Atrophic Rhinitis

Atrophic rhinitis usually occurs in late middle-aged to elderly patients. The cause of atrophic rhinitis is unknown, with the leading theory being age-related mucosal atrophy, sometimes complicated by secondary bacterial infection. Primary atrophic rhinitis resembles the rhinitis associated with Sjogren's syndrome or previous nasal surgery, including extensive turbinectomy. Examination generally reveals a patent nasal airway with atrophic, erythematous turbinates, despite the symptoms of congestion.

Some subjects with atrophic rhinitis report nasal congestion, crusting of the nasal airway, and a bad smell (ozena). Ozena is associated with bacterial overgrowth of the mucosa, particularly Klebseilla ozaenae and Pseudomonas aeruginosa. The appearance of ozena may resemble chronic granulomatous disease, such as Wegener's granulomatosis or sarcoidosis, or the effects of previous local irradiation. The prevalence of ozena is variable, with a greater occurrence in select geographic areas, such as southeastern Europe, China, Egypt, or India rather than northern Europe or the United States.

Symptomatic treatment of atrophic rhinitis with low-dose decongestants and nasal saline lavage is minimally effective. Individuals with confirmed sicca complex, or Sjogren's syndrome (Table 7), may benefit from oral cevimeline 30 mg three times a day, keeping in mind that bronchospasm and arrhythmias are potential side effects. Oral antibiotic therapy is necessary for ozena. Topical antibiotic therapy, such as gentamycin or tobramycin 15 mg/mL or ciprofloxacin 0.15 mg/mL in saline, may offer some benefit for subjects with atrophic rhinitis and recurrent mucosal infections or sinusitis, although there are no studies to validate this treatment. An over-the-counter topical treatment

  1. 5. Concha bullosa: coronal computed tomography scan image of the paranasal sinuses. The arrows point to the concha bullosa in each middle turbinate. In this case, septae divide the concha bullosa into more than one air space. The usual result of the cocha bullosa is enlargement of the turbinate, usually resulting in chronic nasal congestion. Infection may occur in the concha bullosa. Frequently the septum is deviated away from a unilateral concha bullosa. Therefore, this entity should be considered in a patient complaining of chronic congestion.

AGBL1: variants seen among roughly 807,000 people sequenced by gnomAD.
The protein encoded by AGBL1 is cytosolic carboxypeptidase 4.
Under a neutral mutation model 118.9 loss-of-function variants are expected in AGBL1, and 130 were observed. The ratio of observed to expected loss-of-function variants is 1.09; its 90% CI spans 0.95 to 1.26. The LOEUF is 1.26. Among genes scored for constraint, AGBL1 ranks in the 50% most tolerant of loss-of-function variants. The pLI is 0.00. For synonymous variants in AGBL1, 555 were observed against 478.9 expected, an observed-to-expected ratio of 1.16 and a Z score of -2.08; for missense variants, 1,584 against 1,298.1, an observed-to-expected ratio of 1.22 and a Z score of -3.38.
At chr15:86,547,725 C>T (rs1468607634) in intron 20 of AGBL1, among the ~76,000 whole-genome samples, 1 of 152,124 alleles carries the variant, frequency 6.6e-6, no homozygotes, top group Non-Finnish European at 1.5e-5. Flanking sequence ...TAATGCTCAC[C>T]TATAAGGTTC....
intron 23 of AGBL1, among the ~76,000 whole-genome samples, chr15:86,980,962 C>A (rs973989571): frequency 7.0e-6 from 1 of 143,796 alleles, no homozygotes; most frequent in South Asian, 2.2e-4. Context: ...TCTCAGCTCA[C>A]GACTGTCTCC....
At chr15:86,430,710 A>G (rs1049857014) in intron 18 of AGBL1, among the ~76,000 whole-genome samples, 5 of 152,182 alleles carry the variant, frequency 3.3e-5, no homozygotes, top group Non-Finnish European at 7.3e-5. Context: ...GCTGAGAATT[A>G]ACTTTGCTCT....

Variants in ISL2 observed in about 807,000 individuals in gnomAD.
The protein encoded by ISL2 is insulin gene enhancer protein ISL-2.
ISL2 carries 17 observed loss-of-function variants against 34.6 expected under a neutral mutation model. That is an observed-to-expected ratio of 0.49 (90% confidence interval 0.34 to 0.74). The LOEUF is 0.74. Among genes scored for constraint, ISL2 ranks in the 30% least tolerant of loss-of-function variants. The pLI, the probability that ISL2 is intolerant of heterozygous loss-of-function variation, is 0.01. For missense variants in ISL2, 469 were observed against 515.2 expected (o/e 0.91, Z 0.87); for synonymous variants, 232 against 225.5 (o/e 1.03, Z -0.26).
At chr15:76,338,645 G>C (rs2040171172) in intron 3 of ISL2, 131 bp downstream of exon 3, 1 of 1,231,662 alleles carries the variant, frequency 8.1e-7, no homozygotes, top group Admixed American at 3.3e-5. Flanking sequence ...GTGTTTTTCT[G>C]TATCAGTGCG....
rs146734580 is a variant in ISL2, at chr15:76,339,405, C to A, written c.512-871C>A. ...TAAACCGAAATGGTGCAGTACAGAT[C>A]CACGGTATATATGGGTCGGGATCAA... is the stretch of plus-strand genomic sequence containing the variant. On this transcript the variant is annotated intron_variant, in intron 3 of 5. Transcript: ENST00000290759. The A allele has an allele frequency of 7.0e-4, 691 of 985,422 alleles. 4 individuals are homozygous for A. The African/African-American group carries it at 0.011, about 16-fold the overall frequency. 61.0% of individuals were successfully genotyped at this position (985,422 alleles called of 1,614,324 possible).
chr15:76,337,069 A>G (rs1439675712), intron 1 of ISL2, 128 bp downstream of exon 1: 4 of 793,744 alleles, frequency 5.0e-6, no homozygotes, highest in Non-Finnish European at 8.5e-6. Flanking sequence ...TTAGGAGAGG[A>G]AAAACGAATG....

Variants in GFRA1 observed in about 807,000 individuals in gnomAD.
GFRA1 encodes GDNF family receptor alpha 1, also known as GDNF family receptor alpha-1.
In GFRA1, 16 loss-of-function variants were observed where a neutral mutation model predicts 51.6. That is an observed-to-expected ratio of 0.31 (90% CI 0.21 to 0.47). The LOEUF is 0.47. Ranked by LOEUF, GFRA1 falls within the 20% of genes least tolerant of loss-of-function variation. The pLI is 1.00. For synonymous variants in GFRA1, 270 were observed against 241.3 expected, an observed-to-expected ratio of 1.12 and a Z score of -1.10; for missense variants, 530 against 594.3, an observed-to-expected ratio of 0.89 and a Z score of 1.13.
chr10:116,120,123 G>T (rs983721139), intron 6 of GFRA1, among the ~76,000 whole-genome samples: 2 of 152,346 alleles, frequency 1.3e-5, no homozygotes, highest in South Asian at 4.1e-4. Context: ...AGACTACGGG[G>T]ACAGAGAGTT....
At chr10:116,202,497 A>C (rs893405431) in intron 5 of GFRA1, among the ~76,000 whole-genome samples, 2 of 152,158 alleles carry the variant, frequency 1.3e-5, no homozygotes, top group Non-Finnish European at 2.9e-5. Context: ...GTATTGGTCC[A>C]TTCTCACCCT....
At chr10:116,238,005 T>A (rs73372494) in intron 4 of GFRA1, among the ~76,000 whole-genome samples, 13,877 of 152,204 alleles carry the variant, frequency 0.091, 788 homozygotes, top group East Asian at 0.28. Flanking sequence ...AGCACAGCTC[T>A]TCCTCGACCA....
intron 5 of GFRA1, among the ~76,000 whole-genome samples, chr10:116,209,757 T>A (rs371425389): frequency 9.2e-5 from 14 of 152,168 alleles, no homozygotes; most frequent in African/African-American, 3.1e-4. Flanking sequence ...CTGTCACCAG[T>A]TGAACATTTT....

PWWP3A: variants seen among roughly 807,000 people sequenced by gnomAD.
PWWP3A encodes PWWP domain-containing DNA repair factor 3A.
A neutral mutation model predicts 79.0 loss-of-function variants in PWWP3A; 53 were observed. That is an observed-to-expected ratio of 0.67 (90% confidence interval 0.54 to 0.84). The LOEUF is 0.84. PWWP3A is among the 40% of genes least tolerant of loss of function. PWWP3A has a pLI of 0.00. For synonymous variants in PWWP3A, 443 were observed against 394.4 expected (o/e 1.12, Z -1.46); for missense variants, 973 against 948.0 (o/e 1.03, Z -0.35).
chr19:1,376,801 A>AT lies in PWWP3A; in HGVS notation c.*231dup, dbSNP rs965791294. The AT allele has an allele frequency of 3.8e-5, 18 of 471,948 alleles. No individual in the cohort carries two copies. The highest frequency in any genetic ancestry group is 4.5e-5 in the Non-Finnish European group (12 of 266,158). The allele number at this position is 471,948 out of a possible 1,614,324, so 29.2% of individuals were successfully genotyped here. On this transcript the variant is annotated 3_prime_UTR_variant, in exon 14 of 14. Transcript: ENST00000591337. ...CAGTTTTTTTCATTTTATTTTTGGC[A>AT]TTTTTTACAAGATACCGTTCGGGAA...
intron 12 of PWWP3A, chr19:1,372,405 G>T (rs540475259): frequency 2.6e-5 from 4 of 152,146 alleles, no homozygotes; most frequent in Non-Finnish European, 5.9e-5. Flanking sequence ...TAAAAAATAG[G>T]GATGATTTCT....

2. 5. Concha bullosa: coronal computed tomography scan image of the paranasal sinuses. The arrows point to the concha bullosa in each middle turbinate. In this case, septae divide the concha bullosa into more than one air space. The usual result of the cocha bullosa is enlargement of the turbinate, usually resulting in chronic nasal congestion. Infection may occur in the concha bullosa. Frequently the septum is deviated away from a unilateral concha bullosa. Therefore, this entity should be considered in a patient complaining of chronic congestion.

reported to reduce bacterial colonization, Sino Fresh®, is another consideration. No clinical trials support this agent in atrophic rhinitis; thus, a treatment trial is in reality a trial and benefits may be the result of the lavage, at a much greater cost than saline. The addition of proplylene glycol, 3-15%, or glycerin to nasal saline may prolong the benefits of topical moisturization by reducing the water's surface tension or reducing the irritation from irrigation. Application of petrolatum or petrolatum with eucalyptus/menthol (Vicks® ointment) to the nasal mucosa at night may help reduce nasal bleeding. Topical shea butter (Butterbar), an over-the-counter herbal therapy, also may be of some benefit but is unproven.

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